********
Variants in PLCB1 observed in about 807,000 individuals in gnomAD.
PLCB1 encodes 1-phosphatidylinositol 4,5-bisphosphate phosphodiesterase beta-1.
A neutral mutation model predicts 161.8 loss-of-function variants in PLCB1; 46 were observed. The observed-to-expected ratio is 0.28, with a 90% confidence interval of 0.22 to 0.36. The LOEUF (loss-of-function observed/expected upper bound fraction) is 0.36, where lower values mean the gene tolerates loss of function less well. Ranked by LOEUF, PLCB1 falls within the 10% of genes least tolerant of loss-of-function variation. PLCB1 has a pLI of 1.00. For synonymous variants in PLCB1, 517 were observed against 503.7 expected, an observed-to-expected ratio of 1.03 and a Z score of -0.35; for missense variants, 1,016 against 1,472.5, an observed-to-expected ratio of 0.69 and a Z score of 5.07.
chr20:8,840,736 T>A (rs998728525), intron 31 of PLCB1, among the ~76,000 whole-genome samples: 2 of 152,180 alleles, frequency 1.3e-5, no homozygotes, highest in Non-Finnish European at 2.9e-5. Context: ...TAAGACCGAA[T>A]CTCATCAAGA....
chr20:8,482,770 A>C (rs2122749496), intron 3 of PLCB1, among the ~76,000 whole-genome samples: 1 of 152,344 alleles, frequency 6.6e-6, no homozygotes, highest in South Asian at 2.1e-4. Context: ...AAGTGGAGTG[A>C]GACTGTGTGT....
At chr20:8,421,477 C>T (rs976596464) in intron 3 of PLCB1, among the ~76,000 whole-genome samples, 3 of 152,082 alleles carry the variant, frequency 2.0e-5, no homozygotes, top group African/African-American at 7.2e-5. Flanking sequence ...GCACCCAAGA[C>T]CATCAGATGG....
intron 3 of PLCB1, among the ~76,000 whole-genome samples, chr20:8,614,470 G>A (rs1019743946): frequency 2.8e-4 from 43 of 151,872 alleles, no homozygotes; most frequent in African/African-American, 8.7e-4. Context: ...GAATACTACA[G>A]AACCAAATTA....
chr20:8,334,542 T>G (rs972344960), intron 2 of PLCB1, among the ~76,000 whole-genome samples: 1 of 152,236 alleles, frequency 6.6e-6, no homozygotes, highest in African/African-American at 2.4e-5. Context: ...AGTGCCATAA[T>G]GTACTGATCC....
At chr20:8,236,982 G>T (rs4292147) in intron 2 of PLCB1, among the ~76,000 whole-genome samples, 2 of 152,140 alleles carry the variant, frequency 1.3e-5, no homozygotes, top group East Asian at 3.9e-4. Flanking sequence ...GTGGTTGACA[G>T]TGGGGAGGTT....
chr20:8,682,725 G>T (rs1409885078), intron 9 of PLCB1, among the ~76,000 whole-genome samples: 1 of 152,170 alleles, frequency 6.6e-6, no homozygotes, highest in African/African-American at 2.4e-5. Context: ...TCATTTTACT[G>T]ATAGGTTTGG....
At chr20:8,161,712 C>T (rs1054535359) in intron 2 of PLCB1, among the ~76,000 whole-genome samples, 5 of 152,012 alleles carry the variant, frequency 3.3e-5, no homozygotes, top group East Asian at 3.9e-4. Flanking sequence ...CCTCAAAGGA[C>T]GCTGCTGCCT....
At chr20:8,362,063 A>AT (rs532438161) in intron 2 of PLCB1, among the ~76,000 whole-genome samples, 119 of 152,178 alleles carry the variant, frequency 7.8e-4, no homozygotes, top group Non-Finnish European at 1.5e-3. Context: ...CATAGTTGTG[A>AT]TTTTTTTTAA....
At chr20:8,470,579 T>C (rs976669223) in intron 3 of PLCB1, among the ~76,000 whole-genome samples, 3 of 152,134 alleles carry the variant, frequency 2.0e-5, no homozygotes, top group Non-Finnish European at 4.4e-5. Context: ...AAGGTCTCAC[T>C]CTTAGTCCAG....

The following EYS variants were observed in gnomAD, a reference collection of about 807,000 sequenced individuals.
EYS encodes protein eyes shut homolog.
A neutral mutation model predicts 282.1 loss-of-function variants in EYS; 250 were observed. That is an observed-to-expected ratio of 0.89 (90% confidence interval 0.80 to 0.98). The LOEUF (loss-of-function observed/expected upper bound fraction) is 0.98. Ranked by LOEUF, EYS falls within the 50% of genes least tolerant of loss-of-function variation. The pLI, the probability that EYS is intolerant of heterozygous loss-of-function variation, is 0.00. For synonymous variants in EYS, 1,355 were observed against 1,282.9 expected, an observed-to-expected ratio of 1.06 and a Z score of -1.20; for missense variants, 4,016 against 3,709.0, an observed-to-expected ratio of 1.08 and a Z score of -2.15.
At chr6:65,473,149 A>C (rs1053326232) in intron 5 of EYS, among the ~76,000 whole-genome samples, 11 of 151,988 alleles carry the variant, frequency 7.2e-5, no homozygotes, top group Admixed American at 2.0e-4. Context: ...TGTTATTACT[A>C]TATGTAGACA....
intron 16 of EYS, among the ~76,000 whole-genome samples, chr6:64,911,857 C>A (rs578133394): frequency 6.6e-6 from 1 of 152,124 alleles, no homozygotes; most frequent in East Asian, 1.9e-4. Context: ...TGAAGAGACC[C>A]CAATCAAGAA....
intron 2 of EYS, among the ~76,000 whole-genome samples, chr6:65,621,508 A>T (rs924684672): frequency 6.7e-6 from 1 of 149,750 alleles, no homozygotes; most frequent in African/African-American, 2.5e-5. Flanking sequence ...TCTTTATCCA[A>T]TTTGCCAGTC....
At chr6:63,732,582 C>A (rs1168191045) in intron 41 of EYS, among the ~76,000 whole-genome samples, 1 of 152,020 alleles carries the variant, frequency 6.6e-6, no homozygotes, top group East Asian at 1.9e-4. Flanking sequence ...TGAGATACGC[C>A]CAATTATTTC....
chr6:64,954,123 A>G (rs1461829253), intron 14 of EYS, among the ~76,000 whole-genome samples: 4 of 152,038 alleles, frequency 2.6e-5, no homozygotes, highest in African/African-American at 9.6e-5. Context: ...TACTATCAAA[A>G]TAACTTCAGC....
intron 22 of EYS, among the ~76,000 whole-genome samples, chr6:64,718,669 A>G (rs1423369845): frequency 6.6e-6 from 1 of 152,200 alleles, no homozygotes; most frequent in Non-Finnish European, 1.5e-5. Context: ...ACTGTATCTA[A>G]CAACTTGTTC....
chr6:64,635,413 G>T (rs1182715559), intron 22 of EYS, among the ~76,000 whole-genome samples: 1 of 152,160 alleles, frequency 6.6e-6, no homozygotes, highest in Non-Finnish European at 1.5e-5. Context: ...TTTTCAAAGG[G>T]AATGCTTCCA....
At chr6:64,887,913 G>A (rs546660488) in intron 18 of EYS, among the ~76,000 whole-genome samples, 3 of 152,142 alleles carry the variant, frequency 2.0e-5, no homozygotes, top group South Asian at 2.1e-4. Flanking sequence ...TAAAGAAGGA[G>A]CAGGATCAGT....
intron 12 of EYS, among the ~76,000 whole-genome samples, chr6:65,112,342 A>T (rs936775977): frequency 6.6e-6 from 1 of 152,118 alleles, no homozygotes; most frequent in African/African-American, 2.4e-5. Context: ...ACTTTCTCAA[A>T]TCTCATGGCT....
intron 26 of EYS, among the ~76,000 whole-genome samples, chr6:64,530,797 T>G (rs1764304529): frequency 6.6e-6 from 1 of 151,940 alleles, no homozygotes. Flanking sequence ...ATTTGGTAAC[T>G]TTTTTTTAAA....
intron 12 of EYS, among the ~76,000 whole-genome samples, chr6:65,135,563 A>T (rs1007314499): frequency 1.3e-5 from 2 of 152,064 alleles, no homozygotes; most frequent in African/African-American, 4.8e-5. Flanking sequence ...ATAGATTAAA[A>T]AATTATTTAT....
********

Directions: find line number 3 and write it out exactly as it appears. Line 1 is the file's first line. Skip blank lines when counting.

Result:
A neutral mutation model predicts 161.8 loss-of-function variants in PLCB1; 46 were observed. The observed-to-expected ratio is 0.28, with a 90% confidence interval of 0.22 to 0.36. The LOEUF (loss-of-function observed/expected upper bound fraction) is 0.36, where lower values mean the gene tolerates loss of function less well. Ranked by LOEUF, PLCB1 falls within the 10% of genes least tolerant of loss-of-function variation. PLCB1 has a pLI of 1.00. For synonymous variants in PLCB1, 517 were observed against 503.7 expected, an observed-to-expected ratio of 1.03 and a Z score of -0.35; for missense variants, 1,016 against 1,472.5, an observed-to-expected ratio of 0.69 and a Z score of 5.07.